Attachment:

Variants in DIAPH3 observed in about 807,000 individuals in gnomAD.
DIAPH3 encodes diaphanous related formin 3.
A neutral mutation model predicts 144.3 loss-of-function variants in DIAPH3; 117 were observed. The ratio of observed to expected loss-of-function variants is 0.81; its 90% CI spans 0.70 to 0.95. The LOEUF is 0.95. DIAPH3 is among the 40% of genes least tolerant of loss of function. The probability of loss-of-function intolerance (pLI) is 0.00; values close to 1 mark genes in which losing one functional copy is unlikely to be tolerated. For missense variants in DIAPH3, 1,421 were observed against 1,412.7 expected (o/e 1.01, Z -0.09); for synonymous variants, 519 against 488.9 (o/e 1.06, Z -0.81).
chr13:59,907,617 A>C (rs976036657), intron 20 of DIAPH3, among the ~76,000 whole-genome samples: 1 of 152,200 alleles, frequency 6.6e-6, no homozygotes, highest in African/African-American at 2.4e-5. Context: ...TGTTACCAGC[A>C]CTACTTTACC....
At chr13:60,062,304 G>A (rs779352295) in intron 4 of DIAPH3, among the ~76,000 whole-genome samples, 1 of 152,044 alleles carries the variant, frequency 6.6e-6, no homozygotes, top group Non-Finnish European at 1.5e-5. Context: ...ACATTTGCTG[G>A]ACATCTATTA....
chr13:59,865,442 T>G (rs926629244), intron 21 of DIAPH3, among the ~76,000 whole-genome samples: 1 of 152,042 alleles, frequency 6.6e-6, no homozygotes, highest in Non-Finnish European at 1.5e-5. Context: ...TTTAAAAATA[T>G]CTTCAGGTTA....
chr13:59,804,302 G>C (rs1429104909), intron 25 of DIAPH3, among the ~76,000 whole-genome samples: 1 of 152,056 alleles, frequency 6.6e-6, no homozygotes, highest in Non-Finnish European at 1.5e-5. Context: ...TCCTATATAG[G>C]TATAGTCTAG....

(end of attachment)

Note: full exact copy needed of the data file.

Variants in DIAPH3 observed in about 807,000 individuals in gnomAD.
DIAPH3 encodes diaphanous related formin 3.
A neutral mutation model predicts 144.3 loss-of-function variants in DIAPH3; 117 were observed. The ratio of observed to expected loss-of-function variants is 0.81; its 90% CI spans 0.70 to 0.95. The LOEUF is 0.95. DIAPH3 is among the 40% of genes least tolerant of loss of function. The probability of loss-of-function intolerance (pLI) is 0.00; values close to 1 mark genes in which losing one functional copy is unlikely to be tolerated. For missense variants in DIAPH3, 1,421 were observed against 1,412.7 expected (o/e 1.01, Z -0.09); for synonymous variants, 519 against 488.9 (o/e 1.06, Z -0.81).
chr13:59,907,617 A>C (rs976036657), intron 20 of DIAPH3, among the ~76,000 whole-genome samples: 1 of 152,200 alleles, frequency 6.6e-6, no homozygotes, highest in African/African-American at 2.4e-5. Context: ...TGTTACCAGC[A>C]CTACTTTACC....
At chr13:60,062,304 G>A (rs779352295) in intron 4 of DIAPH3, among the ~76,000 whole-genome samples, 1 of 152,044 alleles carries the variant, frequency 6.6e-6, no homozygotes, top group Non-Finnish European at 1.5e-5. Context: ...ACATTTGCTG[G>A]ACATCTATTA....
chr13:59,865,442 T>G (rs926629244), intron 21 of DIAPH3, among the ~76,000 whole-genome samples: 1 of 152,042 alleles, frequency 6.6e-6, no homozygotes, highest in Non-Finnish European at 1.5e-5. Context: ...TTTAAAAATA[T>G]CTTCAGGTTA....
chr13:59,804,302 G>C (rs1429104909), intron 25 of DIAPH3, among the ~76,000 whole-genome samples: 1 of 152,056 alleles, frequency 6.6e-6, no homozygotes, highest in Non-Finnish European at 1.5e-5. Context: ...TCCTATATAG[G>C]TATAGTCTAG....